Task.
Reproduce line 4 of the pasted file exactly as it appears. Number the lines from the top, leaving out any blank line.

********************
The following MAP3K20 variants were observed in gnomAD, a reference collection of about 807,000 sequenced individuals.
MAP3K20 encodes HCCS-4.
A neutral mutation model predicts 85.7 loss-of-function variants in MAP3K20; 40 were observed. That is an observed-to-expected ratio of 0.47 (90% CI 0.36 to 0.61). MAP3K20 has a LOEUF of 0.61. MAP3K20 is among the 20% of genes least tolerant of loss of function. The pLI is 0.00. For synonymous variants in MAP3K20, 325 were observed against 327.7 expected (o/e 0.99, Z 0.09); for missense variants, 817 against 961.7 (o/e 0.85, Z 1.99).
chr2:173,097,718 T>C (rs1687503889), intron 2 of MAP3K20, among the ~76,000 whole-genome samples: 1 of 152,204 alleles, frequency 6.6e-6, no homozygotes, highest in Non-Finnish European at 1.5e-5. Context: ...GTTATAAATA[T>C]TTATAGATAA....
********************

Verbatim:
chr2:173,097,718 T>C (rs1687503889), intron 2 of MAP3K20, among the ~76,000 whole-genome samples: 1 of 152,204 alleles, frequency 6.6e-6, no homozygotes, highest in Non-Finnish European at 1.5e-5. Context: ...GTTATAAATA[T>C]TTATAGATAA....